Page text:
According to new estimates published today, between 291,000 and 646,000 people worldwide die from seasonal influenza-related respiratory illnesses each year, higher than a previous estimate of 250,000 to 500,000 and based on a robust, multinational survey.
The new estimate, from a collaborative study by CDC and global health partners, appears this week in The Lancet. The estimate excludes deaths during pandemics.
“These findings remind us of the seriousness of flu and that flu prevention should really be a global priority,” says Joe Bresee, M.D., associate director for global health in CDC’s Influenza Division and a study co-author.
The new estimates use more recent data, taken from a larger and more diverse group of countries than previous estimates. Forty-seven countries contributed to this effort. Researchers calculated annual seasonal influenza-associated respiratory deaths for 33 of those countries (57 percent of the world’s population) that had death records and seasonal influenza surveillance information for a minimum of four years between 1999 and 2015. Statistical modeling with those results was used to generate an estimate of the number of flu-associated respiratory deaths for 185 countries across the world. Data from the other 14 countries were used to validate the estimates of seasonal influenza-associated respiratory death from the statistical models.
Poorest nations, older adults hit hardest by flu
Researchers calculated region-specific estimates and age-specific mortality estimates for people younger than 65 years, people 65-74 years, and people 75 years and older. The greatest flu mortality burden was seen in the world’s poorest regions and among older adults. People age 75 years and older and people living in sub-Saharan African countries experienced the highest rates of flu-associated respiratory deaths. Eastern Mediterranean and Southeast Asian countries had slightly lower but still high rates of flu-associated respiratory deaths.
Despite World Health Organization recommendations to use flu vaccination to help protect people in high-risk populations, few developing countries have seasonal flu vaccination programs or the capacity to produce and distribute seasonal or pandemic vaccines.
Global flu surveillance protects all nations, including U.S.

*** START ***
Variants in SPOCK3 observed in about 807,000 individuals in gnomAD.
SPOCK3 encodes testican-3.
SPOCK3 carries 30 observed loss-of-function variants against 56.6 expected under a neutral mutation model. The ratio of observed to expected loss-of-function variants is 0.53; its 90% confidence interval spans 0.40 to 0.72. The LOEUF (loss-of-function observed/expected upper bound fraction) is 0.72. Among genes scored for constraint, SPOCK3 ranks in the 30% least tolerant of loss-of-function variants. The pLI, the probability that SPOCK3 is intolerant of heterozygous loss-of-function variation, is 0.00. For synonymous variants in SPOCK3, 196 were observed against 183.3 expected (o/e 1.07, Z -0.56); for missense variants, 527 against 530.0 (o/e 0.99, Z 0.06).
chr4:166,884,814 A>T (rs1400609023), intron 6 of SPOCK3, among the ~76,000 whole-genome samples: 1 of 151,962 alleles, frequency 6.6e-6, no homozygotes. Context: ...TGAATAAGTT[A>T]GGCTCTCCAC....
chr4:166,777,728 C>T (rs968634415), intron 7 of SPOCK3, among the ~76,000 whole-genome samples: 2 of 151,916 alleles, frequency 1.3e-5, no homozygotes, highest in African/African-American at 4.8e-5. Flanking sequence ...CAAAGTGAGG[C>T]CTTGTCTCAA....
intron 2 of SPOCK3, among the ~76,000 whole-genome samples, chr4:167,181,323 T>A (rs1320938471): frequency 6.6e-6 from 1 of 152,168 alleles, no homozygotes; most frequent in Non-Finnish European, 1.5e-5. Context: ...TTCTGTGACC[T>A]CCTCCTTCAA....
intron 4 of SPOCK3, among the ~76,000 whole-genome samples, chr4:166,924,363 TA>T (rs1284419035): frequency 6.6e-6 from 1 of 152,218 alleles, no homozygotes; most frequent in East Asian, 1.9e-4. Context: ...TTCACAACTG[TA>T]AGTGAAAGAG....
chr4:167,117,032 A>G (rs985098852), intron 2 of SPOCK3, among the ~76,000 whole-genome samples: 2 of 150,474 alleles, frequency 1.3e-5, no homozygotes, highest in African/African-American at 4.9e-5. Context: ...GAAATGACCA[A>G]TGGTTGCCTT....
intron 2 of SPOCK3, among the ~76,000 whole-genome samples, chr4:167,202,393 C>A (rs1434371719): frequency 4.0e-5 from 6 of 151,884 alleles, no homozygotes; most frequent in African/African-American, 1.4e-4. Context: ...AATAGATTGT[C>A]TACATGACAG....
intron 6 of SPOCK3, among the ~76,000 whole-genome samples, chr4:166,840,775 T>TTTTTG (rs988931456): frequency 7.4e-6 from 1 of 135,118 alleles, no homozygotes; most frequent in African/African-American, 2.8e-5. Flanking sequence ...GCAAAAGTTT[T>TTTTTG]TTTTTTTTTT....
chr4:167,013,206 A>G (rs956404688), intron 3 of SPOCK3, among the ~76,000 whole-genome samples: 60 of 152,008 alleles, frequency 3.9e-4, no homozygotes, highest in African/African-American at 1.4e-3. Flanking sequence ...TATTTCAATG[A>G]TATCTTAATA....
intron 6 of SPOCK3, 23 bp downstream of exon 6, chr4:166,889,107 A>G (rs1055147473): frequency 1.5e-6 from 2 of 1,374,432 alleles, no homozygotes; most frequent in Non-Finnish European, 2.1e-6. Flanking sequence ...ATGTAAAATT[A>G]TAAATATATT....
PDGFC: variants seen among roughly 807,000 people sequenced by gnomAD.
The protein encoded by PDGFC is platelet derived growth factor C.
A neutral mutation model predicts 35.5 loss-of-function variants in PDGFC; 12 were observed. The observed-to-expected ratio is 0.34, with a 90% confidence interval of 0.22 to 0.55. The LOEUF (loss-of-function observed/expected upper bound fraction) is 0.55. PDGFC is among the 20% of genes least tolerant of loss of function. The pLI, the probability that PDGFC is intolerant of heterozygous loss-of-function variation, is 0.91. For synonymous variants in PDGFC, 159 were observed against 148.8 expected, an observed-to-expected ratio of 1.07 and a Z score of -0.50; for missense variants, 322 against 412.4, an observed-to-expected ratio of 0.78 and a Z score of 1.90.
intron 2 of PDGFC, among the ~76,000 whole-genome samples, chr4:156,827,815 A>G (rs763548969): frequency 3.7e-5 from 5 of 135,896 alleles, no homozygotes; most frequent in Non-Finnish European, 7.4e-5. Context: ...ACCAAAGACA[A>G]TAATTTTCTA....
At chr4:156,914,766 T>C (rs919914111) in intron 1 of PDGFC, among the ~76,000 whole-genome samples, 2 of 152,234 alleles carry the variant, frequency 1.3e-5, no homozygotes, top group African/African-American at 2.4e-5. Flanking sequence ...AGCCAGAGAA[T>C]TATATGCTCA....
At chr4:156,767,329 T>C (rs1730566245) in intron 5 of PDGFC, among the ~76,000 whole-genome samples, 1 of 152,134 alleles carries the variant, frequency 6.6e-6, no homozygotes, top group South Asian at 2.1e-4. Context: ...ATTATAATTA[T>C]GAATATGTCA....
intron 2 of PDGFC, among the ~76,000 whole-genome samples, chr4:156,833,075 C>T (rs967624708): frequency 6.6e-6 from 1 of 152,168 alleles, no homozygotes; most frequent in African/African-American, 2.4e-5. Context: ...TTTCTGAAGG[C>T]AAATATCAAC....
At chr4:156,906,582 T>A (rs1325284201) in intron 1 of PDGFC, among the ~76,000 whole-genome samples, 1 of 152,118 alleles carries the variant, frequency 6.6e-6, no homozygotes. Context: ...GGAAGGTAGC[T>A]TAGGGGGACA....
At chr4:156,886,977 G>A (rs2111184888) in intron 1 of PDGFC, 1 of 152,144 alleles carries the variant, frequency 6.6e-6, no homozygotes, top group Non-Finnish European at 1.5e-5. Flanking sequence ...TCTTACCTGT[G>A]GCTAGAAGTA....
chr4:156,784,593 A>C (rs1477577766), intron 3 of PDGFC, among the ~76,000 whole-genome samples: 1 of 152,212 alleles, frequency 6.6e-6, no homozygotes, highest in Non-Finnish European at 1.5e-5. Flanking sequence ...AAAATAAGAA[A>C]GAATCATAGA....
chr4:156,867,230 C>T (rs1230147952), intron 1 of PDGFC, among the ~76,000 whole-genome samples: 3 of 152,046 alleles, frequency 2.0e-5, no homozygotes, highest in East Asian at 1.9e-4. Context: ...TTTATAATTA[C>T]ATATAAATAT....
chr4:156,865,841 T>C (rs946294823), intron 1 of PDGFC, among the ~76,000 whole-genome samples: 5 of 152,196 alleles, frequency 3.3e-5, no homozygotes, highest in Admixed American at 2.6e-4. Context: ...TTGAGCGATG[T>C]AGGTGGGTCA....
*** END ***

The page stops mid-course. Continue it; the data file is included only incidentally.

CDC works with global partners to improve worldwide capacity for influenza prevention and control. CDC has helped more than 60 countries build surveillance and laboratory capacity to rapidly detect and respond to influenza threats, including viruses with the potential to cause global pandemics. These efforts, along with technical support, has helped some partners generate estimates of influenza-associated deaths, which contributed to this global effort.
Global surveillance also provides the foundation for selecting the viruses used to make seasonal flu vaccines each year. This helps improve the effectiveness of flu vaccines used in the United States. Global surveillance also is crucial to pandemic preparedness by identifying viruses overseas that might pose a human health risk to people in the United States.
“This work adds to a growing global understanding of the burden of influenza and populations at highest risk,” says CDC researcher Danielle Iuliano, lead author of The Lancet study. “It builds the evidence base for influenza vaccination programs in other countries.”
The study authors note that these new estimates are limited to flu-associated respiratory deaths and therefore may underestimate the true global impact of seasonal influenza. Influenza infection can create or exacerbate other health factors which are then listed as the cause of death on death certificates, for example cardiovascular disease, diabetes, or related complications. Additional research to estimate non-respiratory causes of flu-associated deaths are ongoing.
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